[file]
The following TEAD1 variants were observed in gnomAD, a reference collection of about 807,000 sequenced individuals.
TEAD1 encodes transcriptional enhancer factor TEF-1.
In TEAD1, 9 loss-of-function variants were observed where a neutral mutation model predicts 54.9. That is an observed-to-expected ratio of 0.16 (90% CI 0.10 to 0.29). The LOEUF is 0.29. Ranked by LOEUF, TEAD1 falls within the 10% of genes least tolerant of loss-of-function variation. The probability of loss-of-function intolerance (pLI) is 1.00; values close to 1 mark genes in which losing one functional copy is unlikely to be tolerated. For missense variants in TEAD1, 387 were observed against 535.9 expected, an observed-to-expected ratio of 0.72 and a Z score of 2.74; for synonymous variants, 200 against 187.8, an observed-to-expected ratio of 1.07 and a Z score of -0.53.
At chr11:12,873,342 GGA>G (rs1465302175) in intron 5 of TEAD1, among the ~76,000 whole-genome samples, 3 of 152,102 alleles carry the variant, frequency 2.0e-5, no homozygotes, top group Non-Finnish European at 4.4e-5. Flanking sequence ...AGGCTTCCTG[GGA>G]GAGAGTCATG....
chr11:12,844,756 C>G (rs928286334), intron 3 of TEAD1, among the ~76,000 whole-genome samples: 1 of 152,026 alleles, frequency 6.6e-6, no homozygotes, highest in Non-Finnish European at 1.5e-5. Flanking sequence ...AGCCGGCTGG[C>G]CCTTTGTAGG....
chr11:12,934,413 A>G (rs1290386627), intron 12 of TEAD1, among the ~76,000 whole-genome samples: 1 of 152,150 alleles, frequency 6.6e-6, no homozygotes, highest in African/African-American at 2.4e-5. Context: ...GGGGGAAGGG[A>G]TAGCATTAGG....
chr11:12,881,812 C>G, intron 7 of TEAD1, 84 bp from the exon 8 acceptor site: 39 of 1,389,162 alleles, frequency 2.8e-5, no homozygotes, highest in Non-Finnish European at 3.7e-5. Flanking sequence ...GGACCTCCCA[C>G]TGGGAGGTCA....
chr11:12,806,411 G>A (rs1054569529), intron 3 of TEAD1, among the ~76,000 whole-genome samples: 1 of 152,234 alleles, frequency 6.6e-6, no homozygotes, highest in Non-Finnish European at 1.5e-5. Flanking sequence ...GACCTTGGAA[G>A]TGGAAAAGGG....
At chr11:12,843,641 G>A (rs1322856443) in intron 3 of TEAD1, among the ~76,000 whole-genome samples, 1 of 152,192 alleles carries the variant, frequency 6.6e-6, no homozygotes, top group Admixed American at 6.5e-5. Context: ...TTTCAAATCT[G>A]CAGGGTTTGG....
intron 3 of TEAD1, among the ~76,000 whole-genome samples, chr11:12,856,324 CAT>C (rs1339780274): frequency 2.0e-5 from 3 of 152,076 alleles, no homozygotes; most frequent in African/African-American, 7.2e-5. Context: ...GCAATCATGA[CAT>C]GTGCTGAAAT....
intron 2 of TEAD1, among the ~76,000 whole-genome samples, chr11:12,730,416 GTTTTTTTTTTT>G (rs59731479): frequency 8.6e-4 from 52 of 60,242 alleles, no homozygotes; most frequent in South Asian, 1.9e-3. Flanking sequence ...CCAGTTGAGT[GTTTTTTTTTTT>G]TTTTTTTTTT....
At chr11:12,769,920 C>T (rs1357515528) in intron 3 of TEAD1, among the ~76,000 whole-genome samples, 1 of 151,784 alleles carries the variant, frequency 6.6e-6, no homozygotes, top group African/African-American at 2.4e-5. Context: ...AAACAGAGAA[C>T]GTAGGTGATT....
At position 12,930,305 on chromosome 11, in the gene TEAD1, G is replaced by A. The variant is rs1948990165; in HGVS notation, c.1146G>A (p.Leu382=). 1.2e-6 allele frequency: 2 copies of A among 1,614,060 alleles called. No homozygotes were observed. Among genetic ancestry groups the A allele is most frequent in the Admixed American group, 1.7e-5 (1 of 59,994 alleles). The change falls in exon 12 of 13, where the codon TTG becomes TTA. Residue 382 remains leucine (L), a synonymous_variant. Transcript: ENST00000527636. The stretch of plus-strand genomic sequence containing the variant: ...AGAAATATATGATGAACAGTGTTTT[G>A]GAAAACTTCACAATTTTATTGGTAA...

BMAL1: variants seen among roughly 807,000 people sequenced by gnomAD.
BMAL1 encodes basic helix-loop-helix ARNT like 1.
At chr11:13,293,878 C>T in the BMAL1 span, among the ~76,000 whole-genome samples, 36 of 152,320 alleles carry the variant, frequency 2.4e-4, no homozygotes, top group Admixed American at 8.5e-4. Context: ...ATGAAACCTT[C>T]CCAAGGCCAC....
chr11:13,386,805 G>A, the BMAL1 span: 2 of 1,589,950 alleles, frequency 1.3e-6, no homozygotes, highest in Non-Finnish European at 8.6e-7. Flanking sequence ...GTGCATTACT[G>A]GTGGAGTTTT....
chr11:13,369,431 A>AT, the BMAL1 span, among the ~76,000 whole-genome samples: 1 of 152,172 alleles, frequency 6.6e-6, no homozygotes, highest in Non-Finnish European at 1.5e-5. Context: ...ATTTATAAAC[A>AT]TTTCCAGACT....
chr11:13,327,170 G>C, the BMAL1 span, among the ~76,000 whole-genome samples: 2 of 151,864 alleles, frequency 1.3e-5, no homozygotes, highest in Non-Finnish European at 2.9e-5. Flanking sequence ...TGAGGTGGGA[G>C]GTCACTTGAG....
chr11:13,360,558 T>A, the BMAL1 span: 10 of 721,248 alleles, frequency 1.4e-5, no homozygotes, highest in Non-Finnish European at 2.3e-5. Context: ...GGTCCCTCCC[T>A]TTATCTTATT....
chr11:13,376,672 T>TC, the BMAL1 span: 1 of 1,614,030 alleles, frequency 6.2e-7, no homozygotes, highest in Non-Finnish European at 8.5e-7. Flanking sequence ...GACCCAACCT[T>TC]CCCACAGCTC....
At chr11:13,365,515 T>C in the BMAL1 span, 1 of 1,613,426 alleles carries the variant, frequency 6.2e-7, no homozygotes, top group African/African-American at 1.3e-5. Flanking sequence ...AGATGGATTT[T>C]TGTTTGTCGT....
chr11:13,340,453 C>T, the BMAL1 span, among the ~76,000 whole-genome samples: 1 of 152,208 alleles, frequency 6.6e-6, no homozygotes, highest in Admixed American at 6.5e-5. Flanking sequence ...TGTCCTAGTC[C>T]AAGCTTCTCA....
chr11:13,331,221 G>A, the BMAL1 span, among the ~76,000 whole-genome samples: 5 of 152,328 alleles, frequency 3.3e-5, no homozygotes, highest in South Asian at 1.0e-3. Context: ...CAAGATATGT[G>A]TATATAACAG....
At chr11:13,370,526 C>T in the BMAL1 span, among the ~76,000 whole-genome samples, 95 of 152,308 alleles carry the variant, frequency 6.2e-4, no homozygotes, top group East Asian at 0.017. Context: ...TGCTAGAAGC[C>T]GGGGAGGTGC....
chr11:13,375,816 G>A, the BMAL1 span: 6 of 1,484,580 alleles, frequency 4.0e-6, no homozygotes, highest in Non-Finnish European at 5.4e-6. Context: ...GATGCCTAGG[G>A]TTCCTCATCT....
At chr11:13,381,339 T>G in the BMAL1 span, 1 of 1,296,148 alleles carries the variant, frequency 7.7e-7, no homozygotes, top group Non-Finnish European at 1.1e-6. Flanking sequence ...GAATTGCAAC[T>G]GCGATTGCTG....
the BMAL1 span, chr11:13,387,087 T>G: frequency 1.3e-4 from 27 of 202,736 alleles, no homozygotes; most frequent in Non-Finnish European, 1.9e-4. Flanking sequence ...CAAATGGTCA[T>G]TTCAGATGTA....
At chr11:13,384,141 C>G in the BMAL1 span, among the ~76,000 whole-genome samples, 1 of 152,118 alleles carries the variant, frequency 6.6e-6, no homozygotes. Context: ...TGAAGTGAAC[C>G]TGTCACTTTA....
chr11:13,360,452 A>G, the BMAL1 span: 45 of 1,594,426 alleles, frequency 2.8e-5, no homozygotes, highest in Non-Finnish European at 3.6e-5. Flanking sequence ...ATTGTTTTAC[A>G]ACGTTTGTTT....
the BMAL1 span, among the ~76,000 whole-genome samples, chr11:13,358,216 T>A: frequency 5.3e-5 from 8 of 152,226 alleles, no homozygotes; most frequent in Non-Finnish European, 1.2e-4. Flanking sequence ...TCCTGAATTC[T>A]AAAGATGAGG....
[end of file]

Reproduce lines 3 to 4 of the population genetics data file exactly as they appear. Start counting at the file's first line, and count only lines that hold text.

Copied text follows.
In TEAD1, 9 loss-of-function variants were observed where a neutral mutation model predicts 54.9. That is an observed-to-expected ratio of 0.16 (90% CI 0.10 to 0.29). The LOEUF is 0.29. Ranked by LOEUF, TEAD1 falls within the 10% of genes least tolerant of loss-of-function variation. The probability of loss-of-function intolerance (pLI) is 1.00; values close to 1 mark genes in which losing one functional copy is unlikely to be tolerated. For missense variants in TEAD1, 387 were observed against 535.9 expected, an observed-to-expected ratio of 0.72 and a Z score of 2.74; for synonymous variants, 200 against 187.8, an observed-to-expected ratio of 1.07 and a Z score of -0.53.
At chr11:12,873,342 GGA>G (rs1465302175) in intron 5 of TEAD1, among the ~76,000 whole-genome samples, 3 of 152,102 alleles carry the variant, frequency 2.0e-5, no homozygotes, top group Non-Finnish European at 4.4e-5. Flanking sequence ...AGGCTTCCTG[GGA>G]GAGAGTCATG....